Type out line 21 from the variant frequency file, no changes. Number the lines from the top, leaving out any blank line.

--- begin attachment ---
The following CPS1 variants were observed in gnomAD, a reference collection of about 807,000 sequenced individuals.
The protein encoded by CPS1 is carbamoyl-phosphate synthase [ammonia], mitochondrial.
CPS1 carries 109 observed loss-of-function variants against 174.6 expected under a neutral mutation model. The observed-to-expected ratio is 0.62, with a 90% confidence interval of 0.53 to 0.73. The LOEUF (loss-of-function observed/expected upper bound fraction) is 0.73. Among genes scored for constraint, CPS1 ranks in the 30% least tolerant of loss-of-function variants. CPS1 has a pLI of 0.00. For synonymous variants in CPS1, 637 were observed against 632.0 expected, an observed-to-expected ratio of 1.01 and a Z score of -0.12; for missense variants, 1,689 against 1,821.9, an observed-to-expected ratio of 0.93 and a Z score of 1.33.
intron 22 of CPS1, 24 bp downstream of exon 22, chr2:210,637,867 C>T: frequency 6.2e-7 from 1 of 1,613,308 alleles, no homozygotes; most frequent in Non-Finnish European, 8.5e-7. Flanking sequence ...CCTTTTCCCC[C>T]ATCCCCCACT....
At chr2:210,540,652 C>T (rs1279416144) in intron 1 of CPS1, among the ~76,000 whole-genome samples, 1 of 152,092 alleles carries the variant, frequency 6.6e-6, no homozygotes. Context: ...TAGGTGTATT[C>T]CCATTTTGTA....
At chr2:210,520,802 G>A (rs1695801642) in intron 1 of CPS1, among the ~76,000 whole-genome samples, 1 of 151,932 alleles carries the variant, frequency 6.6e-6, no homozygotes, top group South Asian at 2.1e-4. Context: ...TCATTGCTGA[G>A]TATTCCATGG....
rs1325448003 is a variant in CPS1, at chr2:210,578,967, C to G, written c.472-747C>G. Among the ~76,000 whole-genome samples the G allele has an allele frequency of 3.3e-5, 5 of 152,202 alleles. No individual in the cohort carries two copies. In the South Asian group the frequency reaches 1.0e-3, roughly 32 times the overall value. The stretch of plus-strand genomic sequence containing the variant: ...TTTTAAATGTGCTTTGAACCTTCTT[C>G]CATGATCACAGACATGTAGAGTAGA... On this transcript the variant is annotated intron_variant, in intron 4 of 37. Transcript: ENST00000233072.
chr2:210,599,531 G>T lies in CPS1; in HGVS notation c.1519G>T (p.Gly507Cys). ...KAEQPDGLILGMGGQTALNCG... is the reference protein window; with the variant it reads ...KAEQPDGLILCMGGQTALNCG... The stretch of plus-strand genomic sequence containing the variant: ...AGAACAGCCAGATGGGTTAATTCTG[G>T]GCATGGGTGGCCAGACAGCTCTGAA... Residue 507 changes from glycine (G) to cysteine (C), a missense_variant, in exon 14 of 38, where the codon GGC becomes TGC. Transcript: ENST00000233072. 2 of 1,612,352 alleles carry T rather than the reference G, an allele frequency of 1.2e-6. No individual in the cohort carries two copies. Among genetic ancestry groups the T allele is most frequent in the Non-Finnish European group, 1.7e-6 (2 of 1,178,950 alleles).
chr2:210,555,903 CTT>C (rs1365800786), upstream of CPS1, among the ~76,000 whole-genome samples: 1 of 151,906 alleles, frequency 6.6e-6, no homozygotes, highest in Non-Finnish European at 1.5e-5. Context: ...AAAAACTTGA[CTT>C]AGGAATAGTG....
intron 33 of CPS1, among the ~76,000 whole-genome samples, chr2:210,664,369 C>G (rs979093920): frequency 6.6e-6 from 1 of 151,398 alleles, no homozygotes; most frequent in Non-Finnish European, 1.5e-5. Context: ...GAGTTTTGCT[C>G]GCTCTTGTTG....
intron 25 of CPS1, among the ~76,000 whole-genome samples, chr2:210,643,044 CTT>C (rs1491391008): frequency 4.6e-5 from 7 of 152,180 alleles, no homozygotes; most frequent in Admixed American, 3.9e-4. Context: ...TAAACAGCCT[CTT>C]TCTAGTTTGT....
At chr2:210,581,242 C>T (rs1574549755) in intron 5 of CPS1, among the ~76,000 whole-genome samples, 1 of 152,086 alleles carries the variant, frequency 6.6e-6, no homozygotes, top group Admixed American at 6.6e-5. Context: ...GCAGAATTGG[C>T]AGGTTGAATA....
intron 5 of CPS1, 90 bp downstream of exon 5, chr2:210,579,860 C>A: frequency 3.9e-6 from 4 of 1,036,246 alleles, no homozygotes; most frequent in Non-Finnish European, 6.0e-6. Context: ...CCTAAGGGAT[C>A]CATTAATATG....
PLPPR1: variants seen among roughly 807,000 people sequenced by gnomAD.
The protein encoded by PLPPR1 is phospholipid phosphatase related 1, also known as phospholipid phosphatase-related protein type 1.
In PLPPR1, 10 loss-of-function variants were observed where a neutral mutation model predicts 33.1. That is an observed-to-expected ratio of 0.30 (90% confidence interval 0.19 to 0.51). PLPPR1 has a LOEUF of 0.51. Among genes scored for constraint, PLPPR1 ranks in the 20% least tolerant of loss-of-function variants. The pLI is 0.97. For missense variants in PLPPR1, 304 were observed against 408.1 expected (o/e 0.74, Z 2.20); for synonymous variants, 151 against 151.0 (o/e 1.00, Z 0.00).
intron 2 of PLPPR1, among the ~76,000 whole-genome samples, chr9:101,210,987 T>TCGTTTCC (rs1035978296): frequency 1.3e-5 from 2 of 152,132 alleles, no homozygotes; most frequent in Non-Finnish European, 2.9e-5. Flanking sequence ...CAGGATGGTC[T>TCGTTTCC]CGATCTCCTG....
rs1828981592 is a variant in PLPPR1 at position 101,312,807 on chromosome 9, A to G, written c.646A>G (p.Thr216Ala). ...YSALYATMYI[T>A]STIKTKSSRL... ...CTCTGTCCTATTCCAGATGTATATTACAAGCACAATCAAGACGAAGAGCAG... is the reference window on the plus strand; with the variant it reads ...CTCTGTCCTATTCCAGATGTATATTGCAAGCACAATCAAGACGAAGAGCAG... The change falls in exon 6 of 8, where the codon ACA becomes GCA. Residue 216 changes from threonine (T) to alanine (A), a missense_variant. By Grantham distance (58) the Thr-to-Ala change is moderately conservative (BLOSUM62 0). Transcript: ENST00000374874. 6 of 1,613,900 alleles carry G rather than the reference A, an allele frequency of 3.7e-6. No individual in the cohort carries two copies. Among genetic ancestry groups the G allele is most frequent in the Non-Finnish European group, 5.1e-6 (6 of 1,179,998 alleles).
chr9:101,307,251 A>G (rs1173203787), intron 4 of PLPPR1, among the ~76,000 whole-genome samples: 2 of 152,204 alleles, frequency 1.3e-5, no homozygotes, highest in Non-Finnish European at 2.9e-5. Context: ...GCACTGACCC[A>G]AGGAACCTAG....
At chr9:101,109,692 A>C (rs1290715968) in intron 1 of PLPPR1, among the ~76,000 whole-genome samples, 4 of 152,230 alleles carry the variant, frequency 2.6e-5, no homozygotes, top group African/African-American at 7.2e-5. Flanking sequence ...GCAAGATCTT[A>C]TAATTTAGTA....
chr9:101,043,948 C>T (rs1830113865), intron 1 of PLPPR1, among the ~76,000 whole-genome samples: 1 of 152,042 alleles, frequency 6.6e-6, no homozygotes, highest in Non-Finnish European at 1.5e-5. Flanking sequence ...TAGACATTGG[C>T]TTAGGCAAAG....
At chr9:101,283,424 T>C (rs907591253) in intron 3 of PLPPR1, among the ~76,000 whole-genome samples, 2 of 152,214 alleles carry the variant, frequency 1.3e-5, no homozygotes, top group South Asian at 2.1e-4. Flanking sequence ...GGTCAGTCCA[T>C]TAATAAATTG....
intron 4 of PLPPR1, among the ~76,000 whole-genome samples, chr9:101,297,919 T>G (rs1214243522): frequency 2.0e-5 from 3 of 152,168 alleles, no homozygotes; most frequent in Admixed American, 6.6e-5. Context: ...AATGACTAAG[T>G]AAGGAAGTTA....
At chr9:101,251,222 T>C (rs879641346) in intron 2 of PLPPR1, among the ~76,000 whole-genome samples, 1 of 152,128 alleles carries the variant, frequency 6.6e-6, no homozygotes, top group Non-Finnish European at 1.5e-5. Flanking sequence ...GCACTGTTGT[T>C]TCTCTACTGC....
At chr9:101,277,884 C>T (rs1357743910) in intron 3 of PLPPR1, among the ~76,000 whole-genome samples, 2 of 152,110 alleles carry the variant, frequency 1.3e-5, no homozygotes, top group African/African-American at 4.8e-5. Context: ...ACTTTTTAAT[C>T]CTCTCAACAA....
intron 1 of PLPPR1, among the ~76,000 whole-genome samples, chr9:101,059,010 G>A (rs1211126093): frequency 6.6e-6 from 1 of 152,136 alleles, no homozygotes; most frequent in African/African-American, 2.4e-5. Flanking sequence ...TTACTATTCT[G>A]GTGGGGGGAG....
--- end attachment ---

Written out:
chr9:101,043,948 C>T (rs1830113865), intron 1 of PLPPR1, among the ~76,000 whole-genome samples: 1 of 152,042 alleles, frequency 6.6e-6, no homozygotes, highest in Non-Finnish European at 1.5e-5. Flanking sequence ...TAGACATTGG[C>T]TTAGGCAAAG....